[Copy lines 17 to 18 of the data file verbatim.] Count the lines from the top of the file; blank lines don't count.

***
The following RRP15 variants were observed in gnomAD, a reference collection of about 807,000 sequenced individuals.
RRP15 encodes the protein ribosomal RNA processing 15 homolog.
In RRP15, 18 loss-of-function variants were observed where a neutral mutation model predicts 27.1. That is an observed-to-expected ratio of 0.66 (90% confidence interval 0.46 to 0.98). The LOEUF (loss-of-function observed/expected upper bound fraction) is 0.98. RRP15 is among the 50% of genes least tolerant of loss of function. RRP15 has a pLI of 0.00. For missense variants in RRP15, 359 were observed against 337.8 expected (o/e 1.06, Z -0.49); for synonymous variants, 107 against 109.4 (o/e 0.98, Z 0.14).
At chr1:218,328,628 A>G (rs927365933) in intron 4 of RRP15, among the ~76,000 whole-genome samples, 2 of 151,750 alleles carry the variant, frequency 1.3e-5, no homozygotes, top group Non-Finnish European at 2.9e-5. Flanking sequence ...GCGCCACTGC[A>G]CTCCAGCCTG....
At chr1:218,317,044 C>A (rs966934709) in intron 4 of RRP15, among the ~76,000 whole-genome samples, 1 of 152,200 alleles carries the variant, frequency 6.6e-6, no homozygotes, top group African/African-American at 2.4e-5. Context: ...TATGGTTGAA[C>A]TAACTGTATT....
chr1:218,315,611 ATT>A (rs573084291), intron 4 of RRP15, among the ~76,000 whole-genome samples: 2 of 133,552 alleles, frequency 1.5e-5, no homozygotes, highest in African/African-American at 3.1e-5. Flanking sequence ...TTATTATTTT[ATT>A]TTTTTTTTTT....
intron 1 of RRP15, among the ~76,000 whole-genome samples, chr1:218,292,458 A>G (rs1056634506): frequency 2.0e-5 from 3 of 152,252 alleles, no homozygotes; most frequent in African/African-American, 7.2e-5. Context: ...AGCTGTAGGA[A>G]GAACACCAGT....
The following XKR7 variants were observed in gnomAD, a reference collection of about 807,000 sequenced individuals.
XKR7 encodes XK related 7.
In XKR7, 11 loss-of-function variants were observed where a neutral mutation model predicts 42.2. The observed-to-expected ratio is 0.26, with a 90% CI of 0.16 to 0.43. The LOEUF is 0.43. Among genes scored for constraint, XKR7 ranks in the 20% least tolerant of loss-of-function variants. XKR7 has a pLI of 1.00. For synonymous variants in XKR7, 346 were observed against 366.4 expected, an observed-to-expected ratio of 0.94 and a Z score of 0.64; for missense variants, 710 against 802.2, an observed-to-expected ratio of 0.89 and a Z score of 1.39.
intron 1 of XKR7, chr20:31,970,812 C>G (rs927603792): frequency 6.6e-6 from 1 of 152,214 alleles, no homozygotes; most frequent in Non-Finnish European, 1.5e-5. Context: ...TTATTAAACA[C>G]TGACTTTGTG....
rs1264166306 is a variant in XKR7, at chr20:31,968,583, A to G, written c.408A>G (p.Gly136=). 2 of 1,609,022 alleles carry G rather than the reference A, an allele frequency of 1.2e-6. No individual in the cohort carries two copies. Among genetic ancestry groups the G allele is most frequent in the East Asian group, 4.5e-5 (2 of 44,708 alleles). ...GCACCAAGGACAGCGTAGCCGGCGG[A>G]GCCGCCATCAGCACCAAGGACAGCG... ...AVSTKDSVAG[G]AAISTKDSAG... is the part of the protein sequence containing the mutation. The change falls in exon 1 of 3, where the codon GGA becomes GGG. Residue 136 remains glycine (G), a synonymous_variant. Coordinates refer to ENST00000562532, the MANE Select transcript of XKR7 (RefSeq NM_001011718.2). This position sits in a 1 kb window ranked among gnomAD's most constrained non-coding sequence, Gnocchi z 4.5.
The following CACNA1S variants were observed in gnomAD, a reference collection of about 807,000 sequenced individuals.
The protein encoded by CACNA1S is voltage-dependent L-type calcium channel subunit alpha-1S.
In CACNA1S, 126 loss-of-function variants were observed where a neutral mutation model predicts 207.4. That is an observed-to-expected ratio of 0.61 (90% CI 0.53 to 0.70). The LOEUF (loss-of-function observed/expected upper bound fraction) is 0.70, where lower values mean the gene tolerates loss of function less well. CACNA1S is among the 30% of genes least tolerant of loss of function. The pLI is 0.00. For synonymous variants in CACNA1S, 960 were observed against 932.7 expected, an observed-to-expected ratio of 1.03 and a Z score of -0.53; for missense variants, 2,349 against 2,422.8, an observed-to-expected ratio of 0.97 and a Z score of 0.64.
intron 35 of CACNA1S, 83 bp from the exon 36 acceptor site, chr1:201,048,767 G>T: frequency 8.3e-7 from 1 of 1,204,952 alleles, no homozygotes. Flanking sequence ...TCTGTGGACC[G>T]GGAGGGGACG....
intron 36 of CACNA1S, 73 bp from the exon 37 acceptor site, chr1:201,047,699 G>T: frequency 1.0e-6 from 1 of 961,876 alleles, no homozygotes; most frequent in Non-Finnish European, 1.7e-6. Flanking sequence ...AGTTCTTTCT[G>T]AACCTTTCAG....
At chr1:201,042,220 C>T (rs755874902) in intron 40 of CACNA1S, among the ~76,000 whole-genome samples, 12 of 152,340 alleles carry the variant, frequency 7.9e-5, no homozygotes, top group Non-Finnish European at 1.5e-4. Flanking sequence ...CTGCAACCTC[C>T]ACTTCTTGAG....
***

intron 36 of CACNA1S, 73 bp from the exon 37 acceptor site, chr1:201,047,699 G>T: frequency 1.0e-6 from 1 of 961,876 alleles, no homozygotes; most frequent in Non-Finnish European, 1.7e-6. Flanking sequence ...AGTTCTTTCT[G>T]AACCTTTCAG....
At chr1:201,042,220 C>T (rs755874902) in intron 40 of CACNA1S, among the ~76,000 whole-genome samples, 12 of 152,340 alleles carry the variant, frequency 7.9e-5, no homozygotes, top group Non-Finnish European at 1.5e-4. Flanking sequence ...CTGCAACCTC[C>T]ACTTCTTGAG....